Statewide candidates

Some candidate signage at a polling location | Photos by Ruta Smith

At the top of the ticket is incumbent Republican Gov. Henry McMaster, who at 75 is one of the oldest governors in the country. While McMaster is desperately trying to not talk about his age, Democratic challenger Joe Cunningham is trying to make the election about age, abortion, marijuana, sports betting, income taxes and just about anything else that might stick. While internal Democratic polls have shown Cunningham to be in striking distance, there’s not much talk of them lately, indicating that McMaster is likely to squeak out a win in Republican-friendly South Carolina.

Perhaps the most consequential race of the cycle is for state superintendent of education, which pits veteran Republican wonk Ellen Weaver against Democratic teacher and advocate Lisa Ellis. About the only thing that’s hit the press in this election are a few stories about whether Weaver got a master’s degree that is required (she announced in October that she got it, reportedly finishing 11 courses in rocket time of six months). With the GOP holding this seat for a few years, Weaver is favored.

With GOP incumbents serving as the rest of the state’s constitutional officers — and with Democrats offering little or no campaign activity — look for smooth reelections for S.C. Attorney General Alan Wilson, S.C. Commissioner of Agriculture Hugh Weathers, Secretary of State Mark Hammond and State Treasurer Curtis Loftis.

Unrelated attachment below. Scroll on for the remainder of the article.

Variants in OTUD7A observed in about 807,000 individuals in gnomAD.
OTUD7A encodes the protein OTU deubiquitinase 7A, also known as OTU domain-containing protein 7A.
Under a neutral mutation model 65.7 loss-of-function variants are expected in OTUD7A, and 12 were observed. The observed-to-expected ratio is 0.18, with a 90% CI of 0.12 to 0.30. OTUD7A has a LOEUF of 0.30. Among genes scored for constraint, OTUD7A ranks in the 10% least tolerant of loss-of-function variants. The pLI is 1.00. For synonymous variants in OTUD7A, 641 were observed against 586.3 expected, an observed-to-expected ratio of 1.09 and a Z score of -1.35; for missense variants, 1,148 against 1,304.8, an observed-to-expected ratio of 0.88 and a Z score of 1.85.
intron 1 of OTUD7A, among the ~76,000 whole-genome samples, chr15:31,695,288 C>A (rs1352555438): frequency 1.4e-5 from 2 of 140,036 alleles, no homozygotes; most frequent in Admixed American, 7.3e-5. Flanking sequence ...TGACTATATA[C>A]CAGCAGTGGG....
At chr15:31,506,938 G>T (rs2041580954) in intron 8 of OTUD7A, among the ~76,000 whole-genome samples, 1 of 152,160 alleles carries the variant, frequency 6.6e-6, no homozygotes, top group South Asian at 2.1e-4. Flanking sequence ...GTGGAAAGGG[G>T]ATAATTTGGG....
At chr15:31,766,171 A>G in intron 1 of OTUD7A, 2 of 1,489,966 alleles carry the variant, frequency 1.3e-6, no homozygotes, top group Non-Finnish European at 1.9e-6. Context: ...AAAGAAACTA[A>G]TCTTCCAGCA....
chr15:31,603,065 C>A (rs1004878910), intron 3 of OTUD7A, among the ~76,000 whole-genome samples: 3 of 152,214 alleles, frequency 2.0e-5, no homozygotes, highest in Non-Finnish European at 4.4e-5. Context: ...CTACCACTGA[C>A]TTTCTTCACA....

S.C. House candidates

With 2022 being an off-year election, no state Senate seats are up for grabs. But each of the 124 S.C. House seats are. Due to gerrymandering by the GOP House, it’s a foregone conclusion that the chamber will remain in Republican hands. Virtually one-third of House seats in the Upstate heavily favor Republican candidates. When combined with gerrymandered seats in the rest of the state, look for the GOP to control at least 80 of the state’s House seats in 2023 — just as they do now.  

Meanwhile in the Lowcountry, incumbent House members generally are favored to win contested seats. Look for these legislators to return to Columbia: Democrats J.A. Moore (House 15); Deon Tedder (House 109); Spencer Wetmore (House 115); and Leon Stavrinakis (House 119); as well as Republicans Gil Gatch (House 94); and Joe Bustos (House 112).

Democrats reportedly are worried about reelection chances for S.C. Rep. Chardale Murray (House 116), who faces right-wing candidate Republican Matt Leber. Well-funded, he has a denigrating image (“Let’s Go Brandon”) on his website.

A newly-formed Charleston County seat is District 80 where veteran Republican Kathy Landing is running against Democratic candidate Donna Brown Newton. Given the fact that Mount Pleasant skews Republican and Landing outraised Newton by a 6-1 margin, the seat is expected to go GOP.  

House District 110, which incumbent William Cogswell decided to vacate to run for Charleston mayor, is a mostly Charleston contest between Republican Tom Hartnett and Democratic nominee Ellis Roberts. Both have raised more than $80,000 in what has become a bitter race over abortion, education and guns. While the GOP has held the seat for a while, there’s a chance Roberts could flip it for the Democrats.